Wednesday, June 16, 2010

Sugar Addiction?

This topic came about due to a friend telling me how much she just loves sugar and feels like she has to eat it whenever it is around. I have never really been a sugar junkie. I have always craved things like french fries and popcorn and potato chips. Now I have met few cakes that I didn't like, but I have never planned an entire day's activities around being in the right part of town to get dessert (however, I have done that for french fries, and if you are ever near a Pommes Frites in New York, you will know what I am talking about.)

When I googled 'sugar addiction' I turned up a few anti-sugar blogs, a few advertisements telling me how to wean myself off sugar addiction, but very few articles regarding experiments or hard science or even industry findings. In fact even the Wikipedia article entitled 'Sugar Addiction' had a disclaimer saying that the article did not have enough contributors and that it was flawed in a couple ways. And Wikipedia is my go to for basic information!!

Well, from what I did find I have a feeling that sugar addiction exists, but no one has put any money into researching it. And why would they? The Government wouldn't think that was an appropriate use of taxpayer money. Plus they wouldn't want to turn up any information that would cause widespread panic. Because if you advertise that the food supply is unsafe, well that is anarchy territory and no matter what your political views no one wants that (even if they think they do). And the food processors certainly don't want that. They certainly don't want to admit that a food additive is causing addiction in their consumers. Right now the general consensus is that addiction to sugar and food is the fault of the addicted person, not the fault of the food, and no one who is selling food is going to change that. Can you imagine the lawsuits????

I did come up with a couple interesting bits of information on the topic though.

Addiction is classified as having three stages, a behavioral pattern of increased intake and brain chemistry changes, then signs of withdrawl and further changes in brain chemistry upon deprivation, and lastly signs of craving and relapse after withdrawl is over. Not enough research has been done to definitively prove the above with sugar.

What's more, Wikipedia states:

In 2008, Nicole Avena published data stating that sugar affects opioids and dopamine in the brain, and thus might be expected to have addictive potential. She references "Bingeing," "withdrawl," "craving" and "cross-sensitization" are each given operational definitions and demonstrated behaviorally with sugar bingeing as the reinforcer.... [She states] "Recent behavioral tests in rats further back the idea of an overlap between sweets and drugs. Drug addiction often includes three steps. A person will increase his intake of the drug, experience withdrawl symptoms when access to the drug is cut off and then face an urge to relapse back into drug use. Rats on sugar have similar experiences. Researchers withheld food for 12 hours and then gave rats food plus sugar water. This created a cycle of binging where the animals increased their daily sugar intake until it doubled. When researchers either stopped the diet or administered an opiod blocker the rats showed signs common to drug withdrawl, such as teeth-chattering and the shakes. Early findings also indicate signs of relapse."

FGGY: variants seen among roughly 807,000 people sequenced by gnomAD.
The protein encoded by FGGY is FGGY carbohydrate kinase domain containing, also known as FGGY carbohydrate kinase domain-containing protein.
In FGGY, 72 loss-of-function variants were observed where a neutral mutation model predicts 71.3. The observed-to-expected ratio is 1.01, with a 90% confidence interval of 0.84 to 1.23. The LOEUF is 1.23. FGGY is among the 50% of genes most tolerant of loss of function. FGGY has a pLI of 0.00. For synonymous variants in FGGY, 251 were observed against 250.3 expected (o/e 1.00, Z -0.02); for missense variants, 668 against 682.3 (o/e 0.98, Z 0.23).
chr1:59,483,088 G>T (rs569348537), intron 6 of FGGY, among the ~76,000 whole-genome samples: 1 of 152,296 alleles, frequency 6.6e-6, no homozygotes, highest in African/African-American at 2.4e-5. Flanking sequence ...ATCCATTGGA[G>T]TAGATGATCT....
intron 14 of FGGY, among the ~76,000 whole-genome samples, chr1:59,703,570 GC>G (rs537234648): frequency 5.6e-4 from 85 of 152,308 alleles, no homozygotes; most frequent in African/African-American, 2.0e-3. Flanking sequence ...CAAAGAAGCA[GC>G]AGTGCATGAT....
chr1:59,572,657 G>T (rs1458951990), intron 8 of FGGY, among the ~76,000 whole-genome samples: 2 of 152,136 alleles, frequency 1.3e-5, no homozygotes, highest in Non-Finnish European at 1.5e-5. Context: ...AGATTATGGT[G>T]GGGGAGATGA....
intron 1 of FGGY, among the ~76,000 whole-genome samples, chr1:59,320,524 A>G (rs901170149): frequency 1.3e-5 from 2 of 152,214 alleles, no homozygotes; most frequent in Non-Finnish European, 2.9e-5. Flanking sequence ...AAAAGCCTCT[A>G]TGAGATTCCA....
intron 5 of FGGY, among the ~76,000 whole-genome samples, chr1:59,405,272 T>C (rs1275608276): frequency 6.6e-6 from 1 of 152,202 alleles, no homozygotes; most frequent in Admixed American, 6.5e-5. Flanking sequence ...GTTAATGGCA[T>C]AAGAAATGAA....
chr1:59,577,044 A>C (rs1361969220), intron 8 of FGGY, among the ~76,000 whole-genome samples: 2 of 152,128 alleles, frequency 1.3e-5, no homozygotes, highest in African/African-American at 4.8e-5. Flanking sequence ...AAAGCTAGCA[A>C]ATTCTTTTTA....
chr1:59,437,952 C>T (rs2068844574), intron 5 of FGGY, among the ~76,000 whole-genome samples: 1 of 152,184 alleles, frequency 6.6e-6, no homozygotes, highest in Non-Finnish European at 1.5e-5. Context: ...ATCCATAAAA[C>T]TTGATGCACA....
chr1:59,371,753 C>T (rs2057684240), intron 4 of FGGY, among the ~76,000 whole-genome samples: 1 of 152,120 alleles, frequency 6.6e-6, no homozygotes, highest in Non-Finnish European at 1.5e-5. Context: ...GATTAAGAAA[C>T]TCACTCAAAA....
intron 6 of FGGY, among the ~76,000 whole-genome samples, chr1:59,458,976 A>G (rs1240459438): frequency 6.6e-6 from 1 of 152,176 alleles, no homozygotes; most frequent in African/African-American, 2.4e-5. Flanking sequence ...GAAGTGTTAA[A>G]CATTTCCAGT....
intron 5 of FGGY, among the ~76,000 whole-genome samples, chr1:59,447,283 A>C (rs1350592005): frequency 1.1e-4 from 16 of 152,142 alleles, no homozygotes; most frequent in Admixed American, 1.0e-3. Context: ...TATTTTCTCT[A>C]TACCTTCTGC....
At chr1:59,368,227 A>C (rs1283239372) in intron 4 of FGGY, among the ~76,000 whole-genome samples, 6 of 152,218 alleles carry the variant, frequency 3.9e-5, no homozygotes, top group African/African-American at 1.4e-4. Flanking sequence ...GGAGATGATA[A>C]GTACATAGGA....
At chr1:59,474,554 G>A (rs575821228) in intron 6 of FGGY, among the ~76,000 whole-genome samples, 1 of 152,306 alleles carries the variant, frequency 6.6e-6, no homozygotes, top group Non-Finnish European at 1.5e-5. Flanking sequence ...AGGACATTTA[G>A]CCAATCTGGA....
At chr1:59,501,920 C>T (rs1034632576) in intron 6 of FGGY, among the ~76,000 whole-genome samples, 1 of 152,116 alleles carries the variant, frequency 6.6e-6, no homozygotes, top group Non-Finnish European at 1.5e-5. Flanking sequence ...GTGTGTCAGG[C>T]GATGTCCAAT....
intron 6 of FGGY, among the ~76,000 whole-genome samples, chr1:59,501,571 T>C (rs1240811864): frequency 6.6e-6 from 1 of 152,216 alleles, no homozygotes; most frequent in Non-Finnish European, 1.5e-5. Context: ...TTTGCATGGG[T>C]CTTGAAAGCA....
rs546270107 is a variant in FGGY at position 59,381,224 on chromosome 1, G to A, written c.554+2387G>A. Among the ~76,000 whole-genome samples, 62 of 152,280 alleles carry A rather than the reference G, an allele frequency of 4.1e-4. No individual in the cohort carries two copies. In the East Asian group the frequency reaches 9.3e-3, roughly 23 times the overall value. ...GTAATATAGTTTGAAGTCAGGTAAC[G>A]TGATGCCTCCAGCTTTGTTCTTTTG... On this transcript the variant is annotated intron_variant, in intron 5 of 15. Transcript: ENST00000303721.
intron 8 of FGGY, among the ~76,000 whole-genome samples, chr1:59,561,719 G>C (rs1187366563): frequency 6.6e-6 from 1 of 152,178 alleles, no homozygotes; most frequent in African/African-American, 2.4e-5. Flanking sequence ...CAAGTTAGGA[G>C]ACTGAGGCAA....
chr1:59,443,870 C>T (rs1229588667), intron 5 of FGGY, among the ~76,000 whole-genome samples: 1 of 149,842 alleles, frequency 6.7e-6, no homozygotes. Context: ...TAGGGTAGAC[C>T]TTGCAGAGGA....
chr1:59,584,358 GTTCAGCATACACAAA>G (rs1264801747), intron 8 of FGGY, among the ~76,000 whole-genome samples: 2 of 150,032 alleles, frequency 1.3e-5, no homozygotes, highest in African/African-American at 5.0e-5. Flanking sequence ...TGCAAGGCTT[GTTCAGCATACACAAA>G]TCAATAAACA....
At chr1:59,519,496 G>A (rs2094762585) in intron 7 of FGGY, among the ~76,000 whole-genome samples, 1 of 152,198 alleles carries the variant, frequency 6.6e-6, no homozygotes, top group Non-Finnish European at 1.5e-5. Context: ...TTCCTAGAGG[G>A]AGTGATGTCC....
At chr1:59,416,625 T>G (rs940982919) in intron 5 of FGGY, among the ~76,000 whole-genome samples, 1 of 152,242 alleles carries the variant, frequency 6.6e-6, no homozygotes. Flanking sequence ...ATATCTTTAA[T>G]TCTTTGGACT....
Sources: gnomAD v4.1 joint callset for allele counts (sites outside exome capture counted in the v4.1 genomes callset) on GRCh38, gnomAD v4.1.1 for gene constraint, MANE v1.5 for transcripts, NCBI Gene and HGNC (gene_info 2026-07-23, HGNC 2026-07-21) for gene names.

That is just one study. I am sure there have been others. Rather than comb the Internet for more hidden studies of strung out rats, I will take my own experience. When I was pregnant, both times, my cravings for sugar were out of control. My strongest cravings were for pure sugar, like soda and jelly beans, not sugar with fat like ice cream or cake (though I had my share of that). I think that was because I would be full from a meal, but my body was still craving more calories. I could have spooned sugar from a bowl. The more I ate the more I wanted. Even after delivery, I had to keep myself on a low sugar diet so to manage my sugar cravings. Now I eat relatively low amounts of sugar and the cravings are gone. I worked to eliminate sugar from my diet a little at a time, switching to a whole grain cereal with no sugar at all, eliminating the honey from my berries and yogurt, and of course cutting back on dessert. I still eat a lot of fruit, but the fiber keeps the sugar from being digested so fast, so my blood sugar never spikes. But as with anything, I look at fruit in the cost/ benefit sense. You get so much nutrition from fruit with relatively few calories, even if there is sugar in there. The good stuff far outweighs the bad stuff!


Rubaum-Keller, Irene. Is Sugar Addictive? The Huffington Post. 18 June, 2009.

Sugar addiction. Wikipedia, the free encyclopedia. 15 June, 2010.


  1. Thanks for bringing to light the association between sugar and drugs. In fact, there is such a similarity that sugar and cocaine read the same on a Pet Scan of the brain. Scary stuff!

  2. Thanks for this. I am (surprise, surprise) on a similar crusade. My first step has been to make all of the baked goods in my house, (except the relapse cookies) so that I know for a fact how much of what kind of sugar is in what we eat. It's empowering once you take control. Step 2... quit diet soda. Any suggestions??

  3. I have eliminated most of the sugar in my diet, the kids not so much. If I was home I would have more control. As far as the diet soda, I was really hooked on them for a while and I just slowly cut one back a week or every few days. I never had more than one or two on a weekday (none on weekends because I don't buy it for the house). But that is how I have cut them out. A little here and there and before you know it....they are gone!